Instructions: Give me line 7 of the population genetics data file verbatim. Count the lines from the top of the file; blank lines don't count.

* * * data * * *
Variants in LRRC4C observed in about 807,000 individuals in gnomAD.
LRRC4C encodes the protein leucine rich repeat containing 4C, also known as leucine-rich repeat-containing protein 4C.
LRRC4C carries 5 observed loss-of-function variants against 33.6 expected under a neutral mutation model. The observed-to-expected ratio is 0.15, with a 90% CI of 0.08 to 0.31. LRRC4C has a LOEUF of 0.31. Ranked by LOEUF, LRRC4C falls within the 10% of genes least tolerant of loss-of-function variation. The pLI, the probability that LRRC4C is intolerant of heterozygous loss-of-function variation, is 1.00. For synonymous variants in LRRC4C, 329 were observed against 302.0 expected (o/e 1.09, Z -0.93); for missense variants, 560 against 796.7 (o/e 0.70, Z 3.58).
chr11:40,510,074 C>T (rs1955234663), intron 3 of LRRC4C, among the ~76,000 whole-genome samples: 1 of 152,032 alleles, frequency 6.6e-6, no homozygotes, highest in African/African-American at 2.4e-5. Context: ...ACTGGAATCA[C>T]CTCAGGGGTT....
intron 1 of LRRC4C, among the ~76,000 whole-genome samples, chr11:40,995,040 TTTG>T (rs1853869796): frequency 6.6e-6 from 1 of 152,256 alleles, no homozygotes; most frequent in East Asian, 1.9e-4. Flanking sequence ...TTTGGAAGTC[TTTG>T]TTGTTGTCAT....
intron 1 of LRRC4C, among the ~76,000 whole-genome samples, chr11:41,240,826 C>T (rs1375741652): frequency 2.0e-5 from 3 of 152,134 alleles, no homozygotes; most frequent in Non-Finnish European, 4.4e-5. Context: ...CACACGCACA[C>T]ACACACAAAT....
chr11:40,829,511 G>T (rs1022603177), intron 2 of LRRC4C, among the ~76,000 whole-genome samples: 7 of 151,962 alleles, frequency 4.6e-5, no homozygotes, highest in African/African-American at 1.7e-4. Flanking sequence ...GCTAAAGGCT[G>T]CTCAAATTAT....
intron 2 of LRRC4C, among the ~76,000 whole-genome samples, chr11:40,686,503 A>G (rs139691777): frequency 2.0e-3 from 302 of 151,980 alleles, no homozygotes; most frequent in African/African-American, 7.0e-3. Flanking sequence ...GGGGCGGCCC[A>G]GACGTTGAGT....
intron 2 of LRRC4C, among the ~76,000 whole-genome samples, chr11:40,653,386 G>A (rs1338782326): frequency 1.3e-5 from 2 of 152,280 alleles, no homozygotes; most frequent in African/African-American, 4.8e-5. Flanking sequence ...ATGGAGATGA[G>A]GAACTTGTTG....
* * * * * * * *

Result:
chr11:40,829,511 G>T (rs1022603177), intron 2 of LRRC4C, among the ~76,000 whole-genome samples: 7 of 151,962 alleles, frequency 4.6e-5, no homozygotes, highest in African/African-American at 1.7e-4. Flanking sequence ...GCTAAAGGCT[G>T]CTCAAATTAT....